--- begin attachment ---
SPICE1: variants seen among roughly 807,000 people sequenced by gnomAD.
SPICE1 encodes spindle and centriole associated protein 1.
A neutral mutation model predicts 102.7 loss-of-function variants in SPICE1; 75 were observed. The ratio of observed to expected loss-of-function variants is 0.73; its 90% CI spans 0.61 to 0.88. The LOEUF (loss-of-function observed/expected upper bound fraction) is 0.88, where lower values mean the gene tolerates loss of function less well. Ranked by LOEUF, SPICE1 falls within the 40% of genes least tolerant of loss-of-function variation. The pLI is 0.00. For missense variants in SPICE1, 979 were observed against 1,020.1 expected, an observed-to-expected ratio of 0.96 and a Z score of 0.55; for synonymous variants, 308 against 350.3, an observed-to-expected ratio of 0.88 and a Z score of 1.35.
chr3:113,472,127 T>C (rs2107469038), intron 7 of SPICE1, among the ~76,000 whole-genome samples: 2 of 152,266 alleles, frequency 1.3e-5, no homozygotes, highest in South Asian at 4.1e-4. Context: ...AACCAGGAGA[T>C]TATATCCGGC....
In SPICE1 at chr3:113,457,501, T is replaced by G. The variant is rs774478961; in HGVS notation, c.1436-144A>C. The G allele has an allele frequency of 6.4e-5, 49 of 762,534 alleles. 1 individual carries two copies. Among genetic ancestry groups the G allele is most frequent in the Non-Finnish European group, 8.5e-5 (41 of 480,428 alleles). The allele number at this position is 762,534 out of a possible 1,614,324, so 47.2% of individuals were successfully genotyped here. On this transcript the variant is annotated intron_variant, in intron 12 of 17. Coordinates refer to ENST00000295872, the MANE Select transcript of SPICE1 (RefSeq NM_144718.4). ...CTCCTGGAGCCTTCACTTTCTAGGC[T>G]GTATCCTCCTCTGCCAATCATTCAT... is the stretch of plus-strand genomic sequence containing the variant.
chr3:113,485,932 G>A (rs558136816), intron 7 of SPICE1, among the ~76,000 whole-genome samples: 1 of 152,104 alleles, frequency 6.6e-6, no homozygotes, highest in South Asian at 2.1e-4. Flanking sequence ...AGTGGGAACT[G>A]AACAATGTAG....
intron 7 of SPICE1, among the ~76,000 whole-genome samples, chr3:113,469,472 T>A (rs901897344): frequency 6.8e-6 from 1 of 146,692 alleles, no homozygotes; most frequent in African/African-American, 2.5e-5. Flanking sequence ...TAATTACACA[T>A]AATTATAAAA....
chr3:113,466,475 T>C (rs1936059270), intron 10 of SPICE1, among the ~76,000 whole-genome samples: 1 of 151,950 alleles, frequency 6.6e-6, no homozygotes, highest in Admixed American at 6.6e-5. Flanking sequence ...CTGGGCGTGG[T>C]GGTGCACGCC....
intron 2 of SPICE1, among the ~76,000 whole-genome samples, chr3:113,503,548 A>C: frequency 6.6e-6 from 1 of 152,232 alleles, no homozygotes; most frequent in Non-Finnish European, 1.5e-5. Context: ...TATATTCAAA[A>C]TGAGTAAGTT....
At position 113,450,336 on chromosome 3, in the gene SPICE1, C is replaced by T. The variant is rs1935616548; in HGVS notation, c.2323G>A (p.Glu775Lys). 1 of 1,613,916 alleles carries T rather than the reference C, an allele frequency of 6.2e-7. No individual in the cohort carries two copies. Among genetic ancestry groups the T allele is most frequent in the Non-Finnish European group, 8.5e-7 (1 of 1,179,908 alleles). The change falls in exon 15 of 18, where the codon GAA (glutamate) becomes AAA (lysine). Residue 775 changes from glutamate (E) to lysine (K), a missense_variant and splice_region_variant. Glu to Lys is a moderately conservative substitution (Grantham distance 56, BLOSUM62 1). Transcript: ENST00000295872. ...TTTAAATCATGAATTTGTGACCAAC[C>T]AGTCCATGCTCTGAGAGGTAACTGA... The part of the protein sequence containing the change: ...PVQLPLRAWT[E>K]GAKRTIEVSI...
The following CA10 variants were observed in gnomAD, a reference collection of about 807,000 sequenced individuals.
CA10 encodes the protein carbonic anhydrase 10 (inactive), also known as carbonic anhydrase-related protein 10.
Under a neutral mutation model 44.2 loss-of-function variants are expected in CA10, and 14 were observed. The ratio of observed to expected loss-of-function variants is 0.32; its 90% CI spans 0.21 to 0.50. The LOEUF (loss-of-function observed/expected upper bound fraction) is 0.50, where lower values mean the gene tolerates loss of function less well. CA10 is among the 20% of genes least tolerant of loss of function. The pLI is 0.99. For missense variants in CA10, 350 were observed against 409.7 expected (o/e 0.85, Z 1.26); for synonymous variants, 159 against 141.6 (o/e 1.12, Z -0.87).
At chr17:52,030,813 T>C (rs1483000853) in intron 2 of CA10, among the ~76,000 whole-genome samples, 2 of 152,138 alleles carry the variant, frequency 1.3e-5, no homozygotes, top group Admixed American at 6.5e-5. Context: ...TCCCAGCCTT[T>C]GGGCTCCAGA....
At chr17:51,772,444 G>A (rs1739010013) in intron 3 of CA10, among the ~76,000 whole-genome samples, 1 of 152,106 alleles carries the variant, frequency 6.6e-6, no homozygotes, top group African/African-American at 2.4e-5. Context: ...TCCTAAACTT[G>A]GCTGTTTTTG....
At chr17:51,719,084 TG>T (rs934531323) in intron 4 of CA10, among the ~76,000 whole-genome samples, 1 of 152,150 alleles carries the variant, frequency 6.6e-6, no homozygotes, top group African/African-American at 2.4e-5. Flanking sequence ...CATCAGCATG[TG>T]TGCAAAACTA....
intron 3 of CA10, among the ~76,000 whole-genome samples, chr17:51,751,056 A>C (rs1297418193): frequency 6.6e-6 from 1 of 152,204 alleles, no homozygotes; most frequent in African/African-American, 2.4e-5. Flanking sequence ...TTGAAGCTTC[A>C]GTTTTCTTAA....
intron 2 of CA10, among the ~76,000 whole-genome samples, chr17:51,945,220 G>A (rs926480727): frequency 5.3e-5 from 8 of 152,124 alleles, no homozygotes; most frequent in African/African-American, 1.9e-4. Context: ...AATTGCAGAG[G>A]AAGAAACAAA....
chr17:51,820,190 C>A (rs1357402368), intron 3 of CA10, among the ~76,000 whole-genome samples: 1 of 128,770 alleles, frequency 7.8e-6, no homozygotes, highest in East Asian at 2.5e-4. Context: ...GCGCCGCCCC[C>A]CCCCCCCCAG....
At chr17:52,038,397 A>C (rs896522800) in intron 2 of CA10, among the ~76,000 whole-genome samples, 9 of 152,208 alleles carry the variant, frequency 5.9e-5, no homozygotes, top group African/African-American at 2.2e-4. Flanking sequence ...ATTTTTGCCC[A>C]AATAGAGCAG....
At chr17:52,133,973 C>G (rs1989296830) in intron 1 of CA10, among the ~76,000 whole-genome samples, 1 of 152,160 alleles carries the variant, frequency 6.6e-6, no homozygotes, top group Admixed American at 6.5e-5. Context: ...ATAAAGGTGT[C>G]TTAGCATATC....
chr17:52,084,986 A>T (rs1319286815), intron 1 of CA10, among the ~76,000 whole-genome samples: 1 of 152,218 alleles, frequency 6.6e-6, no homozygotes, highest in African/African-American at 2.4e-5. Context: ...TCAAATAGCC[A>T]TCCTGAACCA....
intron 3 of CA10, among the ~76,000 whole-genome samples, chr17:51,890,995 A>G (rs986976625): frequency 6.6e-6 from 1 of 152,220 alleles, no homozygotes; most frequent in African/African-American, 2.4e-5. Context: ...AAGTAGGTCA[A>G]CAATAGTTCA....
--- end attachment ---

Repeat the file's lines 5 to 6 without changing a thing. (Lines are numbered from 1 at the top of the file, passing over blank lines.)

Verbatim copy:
In SPICE1 at chr3:113,457,501, T is replaced by G. The variant is rs774478961; in HGVS notation, c.1436-144A>C. The G allele has an allele frequency of 6.4e-5, 49 of 762,534 alleles. 1 individual carries two copies. Among genetic ancestry groups the G allele is most frequent in the Non-Finnish European group, 8.5e-5 (41 of 480,428 alleles). The allele number at this position is 762,534 out of a possible 1,614,324, so 47.2% of individuals were successfully genotyped here. On this transcript the variant is annotated intron_variant, in intron 12 of 17. Coordinates refer to ENST00000295872, the MANE Select transcript of SPICE1 (RefSeq NM_144718.4). ...CTCCTGGAGCCTTCACTTTCTAGGC[T>G]GTATCCTCCTCTGCCAATCATTCAT... is the stretch of plus-strand genomic sequence containing the variant.
chr3:113,485,932 G>A (rs558136816), intron 7 of SPICE1, among the ~76,000 whole-genome samples: 1 of 152,104 alleles, frequency 6.6e-6, no homozygotes, highest in South Asian at 2.1e-4. Flanking sequence ...AGTGGGAACT[G>A]AACAATGTAG....